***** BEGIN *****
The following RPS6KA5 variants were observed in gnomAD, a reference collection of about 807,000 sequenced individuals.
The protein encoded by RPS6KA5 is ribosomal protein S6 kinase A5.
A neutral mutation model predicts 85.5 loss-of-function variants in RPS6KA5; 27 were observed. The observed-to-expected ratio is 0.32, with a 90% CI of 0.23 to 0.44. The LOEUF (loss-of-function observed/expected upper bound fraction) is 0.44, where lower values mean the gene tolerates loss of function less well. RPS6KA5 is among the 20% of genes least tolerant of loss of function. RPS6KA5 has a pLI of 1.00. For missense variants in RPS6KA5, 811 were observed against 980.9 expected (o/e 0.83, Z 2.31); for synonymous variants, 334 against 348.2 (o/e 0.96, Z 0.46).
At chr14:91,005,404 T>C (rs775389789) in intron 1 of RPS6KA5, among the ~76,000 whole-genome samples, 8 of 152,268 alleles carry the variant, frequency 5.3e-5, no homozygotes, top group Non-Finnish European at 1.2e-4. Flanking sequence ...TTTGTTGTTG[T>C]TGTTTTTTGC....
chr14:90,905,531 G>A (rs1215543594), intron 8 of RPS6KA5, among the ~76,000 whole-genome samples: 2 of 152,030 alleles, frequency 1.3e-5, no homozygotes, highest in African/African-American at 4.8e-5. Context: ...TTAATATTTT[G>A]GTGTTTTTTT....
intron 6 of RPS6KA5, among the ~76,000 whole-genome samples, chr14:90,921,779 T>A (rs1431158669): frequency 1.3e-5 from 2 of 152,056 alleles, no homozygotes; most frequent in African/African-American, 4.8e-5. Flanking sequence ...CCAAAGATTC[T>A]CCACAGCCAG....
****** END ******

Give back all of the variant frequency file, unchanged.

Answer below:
The following RPS6KA5 variants were observed in gnomAD, a reference collection of about 807,000 sequenced individuals.
The protein encoded by RPS6KA5 is ribosomal protein S6 kinase A5.
A neutral mutation model predicts 85.5 loss-of-function variants in RPS6KA5; 27 were observed. The observed-to-expected ratio is 0.32, with a 90% CI of 0.23 to 0.44. The LOEUF (loss-of-function observed/expected upper bound fraction) is 0.44, where lower values mean the gene tolerates loss of function less well. RPS6KA5 is among the 20% of genes least tolerant of loss of function. RPS6KA5 has a pLI of 1.00. For missense variants in RPS6KA5, 811 were observed against 980.9 expected (o/e 0.83, Z 2.31); for synonymous variants, 334 against 348.2 (o/e 0.96, Z 0.46).
At chr14:91,005,404 T>C (rs775389789) in intron 1 of RPS6KA5, among the ~76,000 whole-genome samples, 8 of 152,268 alleles carry the variant, frequency 5.3e-5, no homozygotes, top group Non-Finnish European at 1.2e-4. Flanking sequence ...TTTGTTGTTG[T>C]TGTTTTTTGC....
chr14:90,905,531 G>A (rs1215543594), intron 8 of RPS6KA5, among the ~76,000 whole-genome samples: 2 of 152,030 alleles, frequency 1.3e-5, no homozygotes, highest in African/African-American at 4.8e-5. Context: ...TTAATATTTT[G>A]GTGTTTTTTT....
intron 6 of RPS6KA5, among the ~76,000 whole-genome samples, chr14:90,921,779 T>A (rs1431158669): frequency 1.3e-5 from 2 of 152,056 alleles, no homozygotes; most frequent in African/African-American, 4.8e-5. Flanking sequence ...CCAAAGATTC[T>A]CCACAGCCAG....